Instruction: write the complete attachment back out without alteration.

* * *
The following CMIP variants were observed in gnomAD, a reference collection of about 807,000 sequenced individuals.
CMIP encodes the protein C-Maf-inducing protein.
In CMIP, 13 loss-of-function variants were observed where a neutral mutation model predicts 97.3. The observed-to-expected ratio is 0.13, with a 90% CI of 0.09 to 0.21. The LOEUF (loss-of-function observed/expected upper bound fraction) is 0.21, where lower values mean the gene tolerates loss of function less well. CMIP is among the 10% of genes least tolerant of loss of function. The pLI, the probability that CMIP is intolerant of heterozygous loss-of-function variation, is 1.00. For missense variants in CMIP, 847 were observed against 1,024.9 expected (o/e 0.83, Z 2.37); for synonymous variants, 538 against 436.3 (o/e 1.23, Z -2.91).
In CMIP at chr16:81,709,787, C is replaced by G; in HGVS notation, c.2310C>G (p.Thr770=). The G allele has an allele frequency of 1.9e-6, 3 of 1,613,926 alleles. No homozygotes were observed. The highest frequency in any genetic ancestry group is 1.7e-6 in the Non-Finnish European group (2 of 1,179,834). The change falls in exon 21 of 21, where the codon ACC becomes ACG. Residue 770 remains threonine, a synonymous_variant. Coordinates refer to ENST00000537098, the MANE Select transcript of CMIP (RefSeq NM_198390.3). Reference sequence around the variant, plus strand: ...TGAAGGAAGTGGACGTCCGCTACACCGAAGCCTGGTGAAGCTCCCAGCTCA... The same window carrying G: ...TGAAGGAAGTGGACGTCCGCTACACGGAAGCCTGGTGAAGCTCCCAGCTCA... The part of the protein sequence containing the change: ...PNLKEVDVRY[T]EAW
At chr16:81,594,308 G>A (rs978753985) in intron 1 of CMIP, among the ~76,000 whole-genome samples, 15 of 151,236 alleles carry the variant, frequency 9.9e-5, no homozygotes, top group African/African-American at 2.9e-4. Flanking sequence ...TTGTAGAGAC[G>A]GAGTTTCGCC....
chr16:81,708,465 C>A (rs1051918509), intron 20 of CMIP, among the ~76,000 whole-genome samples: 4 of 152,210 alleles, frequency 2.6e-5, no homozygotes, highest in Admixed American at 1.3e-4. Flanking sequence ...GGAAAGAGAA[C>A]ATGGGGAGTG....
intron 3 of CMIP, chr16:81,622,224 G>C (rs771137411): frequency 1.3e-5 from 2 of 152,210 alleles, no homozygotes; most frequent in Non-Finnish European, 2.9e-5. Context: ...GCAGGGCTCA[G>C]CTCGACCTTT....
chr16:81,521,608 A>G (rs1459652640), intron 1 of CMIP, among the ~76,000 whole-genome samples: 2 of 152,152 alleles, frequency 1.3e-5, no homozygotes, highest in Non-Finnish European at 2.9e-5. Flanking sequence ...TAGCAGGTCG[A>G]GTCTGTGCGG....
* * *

The following CMIP variants were observed in gnomAD, a reference collection of about 807,000 sequenced individuals.
CMIP encodes the protein C-Maf-inducing protein.
In CMIP, 13 loss-of-function variants were observed where a neutral mutation model predicts 97.3. The observed-to-expected ratio is 0.13, with a 90% CI of 0.09 to 0.21. The LOEUF (loss-of-function observed/expected upper bound fraction) is 0.21, where lower values mean the gene tolerates loss of function less well. CMIP is among the 10% of genes least tolerant of loss of function. The pLI, the probability that CMIP is intolerant of heterozygous loss-of-function variation, is 1.00. For missense variants in CMIP, 847 were observed against 1,024.9 expected (o/e 0.83, Z 2.37); for synonymous variants, 538 against 436.3 (o/e 1.23, Z -2.91).
In CMIP at chr16:81,709,787, C is replaced by G; in HGVS notation, c.2310C>G (p.Thr770=). The G allele has an allele frequency of 1.9e-6, 3 of 1,613,926 alleles. No homozygotes were observed. The highest frequency in any genetic ancestry group is 1.7e-6 in the Non-Finnish European group (2 of 1,179,834). The change falls in exon 21 of 21, where the codon ACC becomes ACG. Residue 770 remains threonine, a synonymous_variant. Coordinates refer to ENST00000537098, the MANE Select transcript of CMIP (RefSeq NM_198390.3). Reference sequence around the variant, plus strand: ...TGAAGGAAGTGGACGTCCGCTACACCGAAGCCTGGTGAAGCTCCCAGCTCA... The same window carrying G: ...TGAAGGAAGTGGACGTCCGCTACACGGAAGCCTGGTGAAGCTCCCAGCTCA... The part of the protein sequence containing the change: ...PNLKEVDVRY[T]EAW
At chr16:81,594,308 G>A (rs978753985) in intron 1 of CMIP, among the ~76,000 whole-genome samples, 15 of 151,236 alleles carry the variant, frequency 9.9e-5, no homozygotes, top group African/African-American at 2.9e-4. Flanking sequence ...TTGTAGAGAC[G>A]GAGTTTCGCC....
chr16:81,708,465 C>A (rs1051918509), intron 20 of CMIP, among the ~76,000 whole-genome samples: 4 of 152,210 alleles, frequency 2.6e-5, no homozygotes, highest in Admixed American at 1.3e-4. Flanking sequence ...GGAAAGAGAA[C>A]ATGGGGAGTG....
intron 3 of CMIP, chr16:81,622,224 G>C (rs771137411): frequency 1.3e-5 from 2 of 152,210 alleles, no homozygotes; most frequent in Non-Finnish European, 2.9e-5. Context: ...GCAGGGCTCA[G>C]CTCGACCTTT....
chr16:81,521,608 A>G (rs1459652640), intron 1 of CMIP, among the ~76,000 whole-genome samples: 2 of 152,152 alleles, frequency 1.3e-5, no homozygotes, highest in Non-Finnish European at 2.9e-5. Flanking sequence ...TAGCAGGTCG[A>G]GTCTGTGCGG....